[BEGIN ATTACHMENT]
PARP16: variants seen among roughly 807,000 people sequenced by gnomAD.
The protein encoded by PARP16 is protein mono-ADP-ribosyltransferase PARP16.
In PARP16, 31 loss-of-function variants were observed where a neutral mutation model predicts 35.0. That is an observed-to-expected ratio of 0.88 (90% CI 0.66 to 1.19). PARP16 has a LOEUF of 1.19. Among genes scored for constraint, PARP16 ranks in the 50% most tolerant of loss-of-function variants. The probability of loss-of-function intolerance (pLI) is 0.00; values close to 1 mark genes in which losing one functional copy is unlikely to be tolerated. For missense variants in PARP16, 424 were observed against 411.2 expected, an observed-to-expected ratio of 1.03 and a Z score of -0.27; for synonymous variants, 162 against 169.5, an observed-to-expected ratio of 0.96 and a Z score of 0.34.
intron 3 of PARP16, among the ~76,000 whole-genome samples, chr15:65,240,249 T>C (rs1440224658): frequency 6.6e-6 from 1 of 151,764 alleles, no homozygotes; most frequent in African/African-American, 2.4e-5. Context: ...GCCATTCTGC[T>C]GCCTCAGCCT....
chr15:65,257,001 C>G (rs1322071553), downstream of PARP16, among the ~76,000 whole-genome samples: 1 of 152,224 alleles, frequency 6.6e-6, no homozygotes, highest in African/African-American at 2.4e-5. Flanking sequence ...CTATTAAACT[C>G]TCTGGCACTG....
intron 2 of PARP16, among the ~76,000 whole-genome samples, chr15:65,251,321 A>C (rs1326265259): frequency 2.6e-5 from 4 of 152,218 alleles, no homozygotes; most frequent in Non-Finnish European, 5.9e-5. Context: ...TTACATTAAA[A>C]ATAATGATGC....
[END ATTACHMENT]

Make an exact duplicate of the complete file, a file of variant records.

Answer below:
PARP16: variants seen among roughly 807,000 people sequenced by gnomAD.
The protein encoded by PARP16 is protein mono-ADP-ribosyltransferase PARP16.
In PARP16, 31 loss-of-function variants were observed where a neutral mutation model predicts 35.0. That is an observed-to-expected ratio of 0.88 (90% CI 0.66 to 1.19). PARP16 has a LOEUF of 1.19. Among genes scored for constraint, PARP16 ranks in the 50% most tolerant of loss-of-function variants. The probability of loss-of-function intolerance (pLI) is 0.00; values close to 1 mark genes in which losing one functional copy is unlikely to be tolerated. For missense variants in PARP16, 424 were observed against 411.2 expected, an observed-to-expected ratio of 1.03 and a Z score of -0.27; for synonymous variants, 162 against 169.5, an observed-to-expected ratio of 0.96 and a Z score of 0.34.
intron 3 of PARP16, among the ~76,000 whole-genome samples, chr15:65,240,249 T>C (rs1440224658): frequency 6.6e-6 from 1 of 151,764 alleles, no homozygotes; most frequent in African/African-American, 2.4e-5. Context: ...GCCATTCTGC[T>C]GCCTCAGCCT....
chr15:65,257,001 C>G (rs1322071553), downstream of PARP16, among the ~76,000 whole-genome samples: 1 of 152,224 alleles, frequency 6.6e-6, no homozygotes, highest in African/African-American at 2.4e-5. Flanking sequence ...CTATTAAACT[C>G]TCTGGCACTG....
intron 2 of PARP16, among the ~76,000 whole-genome samples, chr15:65,251,321 A>C (rs1326265259): frequency 2.6e-5 from 4 of 152,218 alleles, no homozygotes; most frequent in Non-Finnish European, 5.9e-5. Context: ...TTACATTAAA[A>C]ATAATGATGC....